Now there is a Las Vegas company behind the deal, and it’s trying to play the good guy by saying it wants to rewrite some of those troublesome provisions. Maybe so, and maybe another deal would help Maine more. And maybe not. In the meantime, we say vote no — if the company is serious, it can come back with a proposal that doesn’t need to undergo a complete rewrite before it can work for Maine.

Yes on Question 3
A $3.4-million bond to improve the quality of the state’s drinking water, and to improve wastewater treatment, is a bargain — particularly when it would bring Maine $17 million in federal funds to help us out.

Alfond for Maine Senate, District 8
Combining business sense with progressive politics and statewide personal connections, Justin Alfond may be just the person to bring change to Augusta. Supporting business incubation, improving education, expanding job training, and making tax incentives fairer are all ways Alfond wants to help make our state work better for all of us. His efforts organizing young urbanites and his understanding of rural realities will make it easier for him to bridge the gap that sometimes yawns between the Portland delegation and lawmakers from elsewhere around the state.

Brannigan for Maine Senate, District 9
Joseph Brannigan has for decades been concerned for, and dedicated to helping, Mainers in need, both professionally and in his service in Augusta. We will continue to need his experience as the economy worsens. It will be a crucial factor in the budget fight to come, if services for Maine’s poorest, weakest, sickest, oldest, and neediest are to have any prayer for funding in the face of what is almost certain to be a Baldacci-led slashfest.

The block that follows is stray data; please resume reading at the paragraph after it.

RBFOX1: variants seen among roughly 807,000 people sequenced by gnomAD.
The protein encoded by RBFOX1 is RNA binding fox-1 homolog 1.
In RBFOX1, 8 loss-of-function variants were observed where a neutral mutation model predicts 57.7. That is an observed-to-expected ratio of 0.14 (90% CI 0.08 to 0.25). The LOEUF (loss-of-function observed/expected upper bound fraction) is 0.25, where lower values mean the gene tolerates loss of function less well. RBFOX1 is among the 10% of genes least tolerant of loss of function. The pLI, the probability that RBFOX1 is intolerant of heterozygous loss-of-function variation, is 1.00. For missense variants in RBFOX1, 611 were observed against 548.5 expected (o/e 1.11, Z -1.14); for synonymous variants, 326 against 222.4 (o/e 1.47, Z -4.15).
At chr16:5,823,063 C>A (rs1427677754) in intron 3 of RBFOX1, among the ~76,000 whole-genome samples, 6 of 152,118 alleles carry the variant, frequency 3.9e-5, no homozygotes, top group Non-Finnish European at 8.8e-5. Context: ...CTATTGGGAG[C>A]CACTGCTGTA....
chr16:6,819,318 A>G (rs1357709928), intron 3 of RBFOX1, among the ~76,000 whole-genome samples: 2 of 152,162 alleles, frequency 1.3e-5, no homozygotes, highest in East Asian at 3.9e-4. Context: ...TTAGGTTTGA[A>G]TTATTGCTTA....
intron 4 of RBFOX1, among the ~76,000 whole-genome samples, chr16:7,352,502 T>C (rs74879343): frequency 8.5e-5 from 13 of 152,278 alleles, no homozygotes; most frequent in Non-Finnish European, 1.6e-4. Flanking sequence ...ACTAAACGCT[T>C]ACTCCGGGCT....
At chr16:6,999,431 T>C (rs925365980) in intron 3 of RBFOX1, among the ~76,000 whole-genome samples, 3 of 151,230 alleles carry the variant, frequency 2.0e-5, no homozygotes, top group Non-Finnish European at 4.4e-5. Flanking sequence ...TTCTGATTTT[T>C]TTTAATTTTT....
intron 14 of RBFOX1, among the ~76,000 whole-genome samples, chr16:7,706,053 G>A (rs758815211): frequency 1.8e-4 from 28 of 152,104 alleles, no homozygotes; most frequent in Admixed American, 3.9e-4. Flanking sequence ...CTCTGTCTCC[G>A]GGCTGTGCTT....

Cohen for Maine House, District 113
While Joan Cohen’s emphasis on improving bipartisanship may be better intended for Washington DC than the Republicrat-ruled Augusta, she appears actually to want legislative efforts to work for Mainers. This would be a welcome change from the we-passed-it-now-let-the-havoc-begin type of initiatives the Legislature has been churning out lately, most recently the school-consolidation law, and also notably the Dirigo Health plan — both of which started with good ideas, but rapidly degenerated into broken systems. Cohen’s experience outside the halls of government can help get lawmakers looking beyond the next budget cycle, which would thrill us all.

Stuckey for Maine House, District 114